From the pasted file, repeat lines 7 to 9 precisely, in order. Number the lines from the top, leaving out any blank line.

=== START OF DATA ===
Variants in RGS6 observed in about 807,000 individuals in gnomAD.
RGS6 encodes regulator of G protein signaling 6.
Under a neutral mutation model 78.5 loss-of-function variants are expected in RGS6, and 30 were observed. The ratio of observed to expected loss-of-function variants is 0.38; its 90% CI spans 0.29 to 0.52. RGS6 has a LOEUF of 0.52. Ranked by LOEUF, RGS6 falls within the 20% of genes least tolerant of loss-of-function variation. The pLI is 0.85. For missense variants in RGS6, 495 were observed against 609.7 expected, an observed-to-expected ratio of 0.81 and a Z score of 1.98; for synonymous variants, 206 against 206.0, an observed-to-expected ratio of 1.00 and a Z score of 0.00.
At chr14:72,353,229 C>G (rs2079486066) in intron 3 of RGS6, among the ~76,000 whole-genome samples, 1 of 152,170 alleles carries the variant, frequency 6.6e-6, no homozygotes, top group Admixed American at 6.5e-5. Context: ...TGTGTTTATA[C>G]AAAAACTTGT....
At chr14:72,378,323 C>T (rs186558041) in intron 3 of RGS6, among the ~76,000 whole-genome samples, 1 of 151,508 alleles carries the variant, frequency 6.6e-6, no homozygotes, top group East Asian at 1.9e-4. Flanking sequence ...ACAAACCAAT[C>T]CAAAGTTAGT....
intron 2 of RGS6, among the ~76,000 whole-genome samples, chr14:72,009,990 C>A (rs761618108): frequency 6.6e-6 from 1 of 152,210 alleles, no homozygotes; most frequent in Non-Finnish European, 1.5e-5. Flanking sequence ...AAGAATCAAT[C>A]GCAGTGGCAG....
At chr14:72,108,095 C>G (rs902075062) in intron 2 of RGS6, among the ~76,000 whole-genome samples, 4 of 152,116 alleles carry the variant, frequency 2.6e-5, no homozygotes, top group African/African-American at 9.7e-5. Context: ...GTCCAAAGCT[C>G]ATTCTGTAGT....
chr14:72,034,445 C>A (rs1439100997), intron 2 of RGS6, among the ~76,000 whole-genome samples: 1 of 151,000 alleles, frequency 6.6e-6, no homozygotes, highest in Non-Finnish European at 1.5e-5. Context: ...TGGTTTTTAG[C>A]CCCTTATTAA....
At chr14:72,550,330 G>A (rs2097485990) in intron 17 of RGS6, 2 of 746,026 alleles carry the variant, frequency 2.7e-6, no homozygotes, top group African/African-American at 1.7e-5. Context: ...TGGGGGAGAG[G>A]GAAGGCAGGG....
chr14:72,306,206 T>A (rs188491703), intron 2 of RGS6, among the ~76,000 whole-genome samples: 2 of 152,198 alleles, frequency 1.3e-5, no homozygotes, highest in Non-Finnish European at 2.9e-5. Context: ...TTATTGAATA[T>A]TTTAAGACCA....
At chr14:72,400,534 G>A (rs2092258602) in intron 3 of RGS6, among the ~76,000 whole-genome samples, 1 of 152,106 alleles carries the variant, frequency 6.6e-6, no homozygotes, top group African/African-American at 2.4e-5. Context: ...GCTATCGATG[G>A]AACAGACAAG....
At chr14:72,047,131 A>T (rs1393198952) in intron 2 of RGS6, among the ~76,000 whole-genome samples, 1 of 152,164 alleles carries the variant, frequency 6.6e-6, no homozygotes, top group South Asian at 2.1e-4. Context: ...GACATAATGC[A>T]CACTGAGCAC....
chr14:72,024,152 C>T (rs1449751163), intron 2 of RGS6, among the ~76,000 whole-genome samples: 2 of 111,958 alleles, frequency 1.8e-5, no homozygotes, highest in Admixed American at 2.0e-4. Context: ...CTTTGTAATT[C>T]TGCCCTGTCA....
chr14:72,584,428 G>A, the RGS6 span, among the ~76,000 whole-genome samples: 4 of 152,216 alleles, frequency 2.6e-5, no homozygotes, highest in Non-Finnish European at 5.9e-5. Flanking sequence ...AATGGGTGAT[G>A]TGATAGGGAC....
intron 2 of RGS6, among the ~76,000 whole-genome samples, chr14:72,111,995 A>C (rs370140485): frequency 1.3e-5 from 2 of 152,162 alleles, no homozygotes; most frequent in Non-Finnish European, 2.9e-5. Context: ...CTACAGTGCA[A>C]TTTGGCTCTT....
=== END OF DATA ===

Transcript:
At chr14:72,108,095 C>G (rs902075062) in intron 2 of RGS6, among the ~76,000 whole-genome samples, 4 of 152,116 alleles carry the variant, frequency 2.6e-5, no homozygotes, top group African/African-American at 9.7e-5. Context: ...GTCCAAAGCT[C>G]ATTCTGTAGT....
chr14:72,034,445 C>A (rs1439100997), intron 2 of RGS6, among the ~76,000 whole-genome samples: 1 of 151,000 alleles, frequency 6.6e-6, no homozygotes, highest in Non-Finnish European at 1.5e-5. Context: ...TGGTTTTTAG[C>A]CCCTTATTAA....
At chr14:72,550,330 G>A (rs2097485990) in intron 17 of RGS6, 2 of 746,026 alleles carry the variant, frequency 2.7e-6, no homozygotes, top group African/African-American at 1.7e-5. Context: ...TGGGGGAGAG[G>A]GAAGGCAGGG....